Feb 10, Gia Ray – 115 km
Leaving Mui Ne at 6:30 was pleasant and cool. Being a beach area there was very little traffic; it seems beach communities are late night not early morning places. But soon I was coming into Phan Thiet and the normal busy street activity began. I had a long ride through town until I found hwy #1, which I was now joining again after being away from it for a couple of days.
Interestingly, now as I got inside 200 km from HCMC the divided four-lane with good shoulder road that I had been riding since Hanoi dropped down to two-lane, not divided with a shoulder that acted like the extra lane. And it would last until I finally left hwy #1 40 km from HCMC. I also began to notice high numbers of 2-4 people on their motor bikes. This would be a couple with one or two young kids, with a small piece of baggage tied on as well. I think that I was joining a large number of people, going both ways on their way home from Tet holidays.
It did not take long on this day for the heat to get to me. It felt like I was going up-hill much of the day. By 9:30 it was well into the 30s. I stopped a few times as always for drink stops. At one stop I asked for a coke. I also pointed to a plate of noodles that another customer was having. I was brought my coke with a glass of ice, a glass of cool tea that was topped up. A plate of noodles was followed by some sweet cakes. I was charged 10 k dong, about Cdn$ 0.66. The lovely elderly woman indicated that all she was charging me for was the coke. At my next stop I had a cold lemon tasting soft drink and was charged 20 k. I guess it depends upon whether they feel sorry for this old red-faced fool or not.
My hotel in Gia Ray was quite nice and so welcome that I had to have a seat in the lobby for a few minutes before venturing up to my room. I pulled in about 1:30, late for me, even though I had not ridden that far. My almost inevitable procedure is to get in my room, get the AC going, have a long warm, not hot shower and then lie out on the big double bed that I always get. The AC gradually gets my body temperature lower again. I will drink quite a bit of cold water or cold beer, depending upon what is in the room fridge. As the outside temperature lowers a bit, I will venture out for a very short walk to a tea-house and have a relaxing drink, possibly reading or doing some internet research before finding a place for dinner. On this night my dinner was Pho Bo at a roadside vendor
Feb 11, Ho Chi Minh City (Saigon), 110 km
My plan, leaving the hotel, was to leave hwy #1 after about 40 km onto a major road that would enter HCMC on the SE corner and then to the bus station that serves the south. I would then try to catch a bus that would take me into the Mekong Delta. I would spend a couple of nights there and then ride back north into HCMC. Google supported me in this plan by giving me the route I would take.
My riding started out pretty well, it seemed to take longer to get real hot on this day. Unfortunately when I got to my junction the road I was to take was off-limits to bikes, motorbikes and such things. I coasted under the overpass noting no vehicles at all passing along this freeway. It did knock the wind out of my sails a bit, as I continued along.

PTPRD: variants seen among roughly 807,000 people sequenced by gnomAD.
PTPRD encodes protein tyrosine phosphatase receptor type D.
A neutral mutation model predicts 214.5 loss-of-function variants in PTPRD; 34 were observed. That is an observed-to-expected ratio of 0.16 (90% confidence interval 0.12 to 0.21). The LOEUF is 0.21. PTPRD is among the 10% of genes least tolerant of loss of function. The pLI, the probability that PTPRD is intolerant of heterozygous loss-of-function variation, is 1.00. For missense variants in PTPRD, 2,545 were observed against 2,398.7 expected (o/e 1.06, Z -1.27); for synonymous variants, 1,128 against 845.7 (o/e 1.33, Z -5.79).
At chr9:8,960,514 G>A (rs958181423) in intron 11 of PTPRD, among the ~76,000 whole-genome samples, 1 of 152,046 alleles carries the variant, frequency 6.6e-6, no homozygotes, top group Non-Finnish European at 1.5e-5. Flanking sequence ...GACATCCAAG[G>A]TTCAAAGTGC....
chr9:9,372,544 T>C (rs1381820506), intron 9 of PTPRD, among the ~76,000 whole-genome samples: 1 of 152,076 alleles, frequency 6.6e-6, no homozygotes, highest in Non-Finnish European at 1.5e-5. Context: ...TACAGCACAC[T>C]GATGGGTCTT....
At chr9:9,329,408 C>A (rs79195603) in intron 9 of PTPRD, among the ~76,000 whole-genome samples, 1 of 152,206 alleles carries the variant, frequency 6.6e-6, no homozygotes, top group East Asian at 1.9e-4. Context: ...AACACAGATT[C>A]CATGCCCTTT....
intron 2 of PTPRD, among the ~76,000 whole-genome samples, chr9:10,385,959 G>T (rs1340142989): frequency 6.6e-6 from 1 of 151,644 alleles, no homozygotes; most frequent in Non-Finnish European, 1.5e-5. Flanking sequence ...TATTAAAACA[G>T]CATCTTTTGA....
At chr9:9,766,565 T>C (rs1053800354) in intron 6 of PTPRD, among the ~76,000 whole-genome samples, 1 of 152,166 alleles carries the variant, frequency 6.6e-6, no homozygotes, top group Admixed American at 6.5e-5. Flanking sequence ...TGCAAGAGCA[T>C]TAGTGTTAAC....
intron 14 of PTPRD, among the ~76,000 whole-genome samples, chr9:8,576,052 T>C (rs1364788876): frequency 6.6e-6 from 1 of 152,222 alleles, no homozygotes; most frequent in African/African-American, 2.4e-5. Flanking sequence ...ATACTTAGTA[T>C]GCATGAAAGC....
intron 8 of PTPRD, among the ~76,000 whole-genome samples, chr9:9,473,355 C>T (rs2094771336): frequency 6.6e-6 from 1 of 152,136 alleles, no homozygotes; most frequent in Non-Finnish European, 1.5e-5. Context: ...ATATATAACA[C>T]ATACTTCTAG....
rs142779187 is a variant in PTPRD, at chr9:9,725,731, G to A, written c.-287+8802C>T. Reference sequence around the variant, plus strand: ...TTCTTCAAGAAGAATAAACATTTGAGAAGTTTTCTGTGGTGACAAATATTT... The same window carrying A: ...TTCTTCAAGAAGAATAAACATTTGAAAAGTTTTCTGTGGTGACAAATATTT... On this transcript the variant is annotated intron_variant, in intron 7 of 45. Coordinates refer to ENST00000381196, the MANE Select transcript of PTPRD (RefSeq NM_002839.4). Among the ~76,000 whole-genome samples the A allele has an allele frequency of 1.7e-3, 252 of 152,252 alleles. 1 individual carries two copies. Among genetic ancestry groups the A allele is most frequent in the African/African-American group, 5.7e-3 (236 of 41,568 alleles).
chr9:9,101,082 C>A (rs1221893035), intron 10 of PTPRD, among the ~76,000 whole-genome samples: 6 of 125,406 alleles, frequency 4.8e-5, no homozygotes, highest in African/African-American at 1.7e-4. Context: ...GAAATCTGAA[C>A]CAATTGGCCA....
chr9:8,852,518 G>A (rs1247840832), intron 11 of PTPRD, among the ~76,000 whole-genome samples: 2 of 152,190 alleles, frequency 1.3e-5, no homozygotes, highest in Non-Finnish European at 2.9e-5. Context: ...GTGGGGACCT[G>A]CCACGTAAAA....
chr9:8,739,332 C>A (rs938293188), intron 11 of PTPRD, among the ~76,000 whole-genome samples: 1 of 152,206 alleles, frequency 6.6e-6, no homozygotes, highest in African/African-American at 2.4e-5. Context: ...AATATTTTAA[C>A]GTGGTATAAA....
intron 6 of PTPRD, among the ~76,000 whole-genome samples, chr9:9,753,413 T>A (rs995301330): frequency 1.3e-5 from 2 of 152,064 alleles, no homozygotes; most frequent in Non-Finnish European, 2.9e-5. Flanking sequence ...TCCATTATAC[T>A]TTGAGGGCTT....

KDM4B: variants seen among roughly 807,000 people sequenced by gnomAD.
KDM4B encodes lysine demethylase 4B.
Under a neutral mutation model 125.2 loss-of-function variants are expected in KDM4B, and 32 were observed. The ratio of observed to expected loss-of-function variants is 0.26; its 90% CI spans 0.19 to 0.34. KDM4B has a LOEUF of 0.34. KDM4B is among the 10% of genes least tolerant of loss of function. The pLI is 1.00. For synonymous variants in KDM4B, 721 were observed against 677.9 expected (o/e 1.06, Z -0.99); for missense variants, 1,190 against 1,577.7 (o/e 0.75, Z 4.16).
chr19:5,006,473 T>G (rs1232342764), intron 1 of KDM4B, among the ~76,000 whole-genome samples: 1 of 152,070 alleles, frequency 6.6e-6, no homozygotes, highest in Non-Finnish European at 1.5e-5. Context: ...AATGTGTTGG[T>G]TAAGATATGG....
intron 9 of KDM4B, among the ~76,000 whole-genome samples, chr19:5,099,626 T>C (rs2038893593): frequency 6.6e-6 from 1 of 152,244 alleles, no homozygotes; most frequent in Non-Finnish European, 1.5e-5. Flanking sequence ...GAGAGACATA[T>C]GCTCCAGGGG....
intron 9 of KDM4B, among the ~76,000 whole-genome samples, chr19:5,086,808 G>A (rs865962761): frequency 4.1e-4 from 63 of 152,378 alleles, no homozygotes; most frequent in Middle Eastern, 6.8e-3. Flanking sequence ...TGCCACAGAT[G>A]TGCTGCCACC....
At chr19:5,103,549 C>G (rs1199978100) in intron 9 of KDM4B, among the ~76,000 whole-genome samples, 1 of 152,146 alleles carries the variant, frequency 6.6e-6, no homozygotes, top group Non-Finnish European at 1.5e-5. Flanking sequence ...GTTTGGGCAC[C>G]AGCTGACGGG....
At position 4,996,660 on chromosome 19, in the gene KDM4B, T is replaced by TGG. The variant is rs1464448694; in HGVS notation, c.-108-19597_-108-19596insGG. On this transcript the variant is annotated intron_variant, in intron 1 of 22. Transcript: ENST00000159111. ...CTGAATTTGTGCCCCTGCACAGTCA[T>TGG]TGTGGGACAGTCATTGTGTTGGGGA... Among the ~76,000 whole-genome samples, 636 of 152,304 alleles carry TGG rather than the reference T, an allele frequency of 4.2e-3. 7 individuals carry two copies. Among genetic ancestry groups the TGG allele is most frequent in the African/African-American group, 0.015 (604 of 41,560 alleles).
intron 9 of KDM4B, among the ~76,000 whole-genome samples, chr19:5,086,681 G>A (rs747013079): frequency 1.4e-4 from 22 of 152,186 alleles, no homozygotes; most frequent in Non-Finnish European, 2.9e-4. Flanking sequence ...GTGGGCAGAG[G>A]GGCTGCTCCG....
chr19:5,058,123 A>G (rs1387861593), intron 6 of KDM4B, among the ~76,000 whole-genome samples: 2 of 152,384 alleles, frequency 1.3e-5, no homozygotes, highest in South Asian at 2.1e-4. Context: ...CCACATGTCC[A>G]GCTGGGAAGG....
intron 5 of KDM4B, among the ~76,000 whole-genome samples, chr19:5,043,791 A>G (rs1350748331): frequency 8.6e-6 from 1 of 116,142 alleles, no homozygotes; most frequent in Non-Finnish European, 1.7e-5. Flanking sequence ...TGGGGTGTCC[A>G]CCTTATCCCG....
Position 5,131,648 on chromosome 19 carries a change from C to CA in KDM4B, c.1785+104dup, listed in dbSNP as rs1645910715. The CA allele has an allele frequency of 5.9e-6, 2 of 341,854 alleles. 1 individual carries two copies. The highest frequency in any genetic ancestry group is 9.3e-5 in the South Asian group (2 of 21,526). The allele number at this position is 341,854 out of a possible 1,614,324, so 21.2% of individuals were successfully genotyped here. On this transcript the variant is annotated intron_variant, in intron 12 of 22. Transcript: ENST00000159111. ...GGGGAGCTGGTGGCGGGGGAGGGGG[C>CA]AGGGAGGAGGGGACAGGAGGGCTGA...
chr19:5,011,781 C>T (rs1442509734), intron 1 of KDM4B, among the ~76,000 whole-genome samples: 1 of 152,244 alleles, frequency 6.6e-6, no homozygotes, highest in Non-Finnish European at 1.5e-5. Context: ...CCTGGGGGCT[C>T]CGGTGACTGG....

Sometime later, about 40 km from HCMC, I took an alternate road that looked good. The new road was divided and four- lane. I was concerned that there were no km-posts with HCMC on them, but it was heading in the right direction and so I continued along. The divided part has been fairly important to me, as illustrated by the last day and a half of non-divided road. On this part of the ride I had to watch much more diligently the traffic coming towards me. Without the divider it was not unusual for the two lanes to be filled with big truck/bus traffic coming at me, often overlapping into the shoulder I was on. The shoulder going both ways was still filled with the normal motorbike traffic and so it made for a very hectic situation. Much higher stress levels may have led to my exhaustion on these days.
So the divided four lanes became divided six lane with a further two lanes each way just for us bikes. So as I was crossing the bridges over the Saigon River entering greater HCMC it was about ten lanes of highway, four for motorbikes; quite a luxury. I stopped at a shaded tea house about 15 km out. There were a few of the motorbike families there when I stopped. They were having a good rest before continuing on into the city. At many of these places there are hammocks hung under the roof and they are well used; it seems motor bike travel is tiring as well as leg bike travel.
Now I had a big decision to make. It would take me a couple of hours to get through the city with the hope of finding the bus station and then to hope I could get find a bus that would take me and my bike to one of the towns in the Mekong. I think it was a combination of the heat exhaustion and the spectre of riding back to HCMC in a couple of days that helped me make up my mind. I had done my ride after all. I rode into the centre of town. When near to what I thought might be the centre, I had left the big highway by now, I pulled out my guidebook and my google maps and found that I was a block from The Spring Hotel, a highly recommended hotel. It is pricier than I normally choose, but they offered me a bit of a deal if I stayed for a few extra days. Again it might have been my exhaustion that kicked in, but I agreed to stay until my train trip north.
My bike ride is finished, although I do not expect to stop riding my bike, and I have seven days to use in and around HCMC.
(No photos this time)